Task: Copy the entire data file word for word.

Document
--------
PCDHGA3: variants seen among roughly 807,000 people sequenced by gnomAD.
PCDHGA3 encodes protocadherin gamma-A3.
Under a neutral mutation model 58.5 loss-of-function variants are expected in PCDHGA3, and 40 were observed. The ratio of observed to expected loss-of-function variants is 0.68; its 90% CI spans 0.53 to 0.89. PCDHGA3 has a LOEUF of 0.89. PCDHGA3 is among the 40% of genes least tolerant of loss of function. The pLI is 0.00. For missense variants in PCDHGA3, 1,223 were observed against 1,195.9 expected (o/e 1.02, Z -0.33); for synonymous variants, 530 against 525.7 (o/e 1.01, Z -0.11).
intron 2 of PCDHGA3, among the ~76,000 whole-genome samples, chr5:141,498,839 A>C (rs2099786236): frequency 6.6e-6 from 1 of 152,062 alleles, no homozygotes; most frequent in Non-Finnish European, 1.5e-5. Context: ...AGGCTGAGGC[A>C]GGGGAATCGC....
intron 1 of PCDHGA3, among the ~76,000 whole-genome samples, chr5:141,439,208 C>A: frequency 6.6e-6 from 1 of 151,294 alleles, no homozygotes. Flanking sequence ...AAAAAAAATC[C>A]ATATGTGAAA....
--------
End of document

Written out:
PCDHGA3: variants seen among roughly 807,000 people sequenced by gnomAD.
PCDHGA3 encodes protocadherin gamma-A3.
Under a neutral mutation model 58.5 loss-of-function variants are expected in PCDHGA3, and 40 were observed. The ratio of observed to expected loss-of-function variants is 0.68; its 90% CI spans 0.53 to 0.89. PCDHGA3 has a LOEUF of 0.89. PCDHGA3 is among the 40% of genes least tolerant of loss of function. The pLI is 0.00. For missense variants in PCDHGA3, 1,223 were observed against 1,195.9 expected (o/e 1.02, Z -0.33); for synonymous variants, 530 against 525.7 (o/e 1.01, Z -0.11).
intron 2 of PCDHGA3, among the ~76,000 whole-genome samples, chr5:141,498,839 A>C (rs2099786236): frequency 6.6e-6 from 1 of 152,062 alleles, no homozygotes; most frequent in Non-Finnish European, 1.5e-5. Context: ...AGGCTGAGGC[A>C]GGGGAATCGC....
intron 1 of PCDHGA3, among the ~76,000 whole-genome samples, chr5:141,439,208 C>A: frequency 6.6e-6 from 1 of 151,294 alleles, no homozygotes. Flanking sequence ...AAAAAAAATC[C>A]ATATGTGAAA....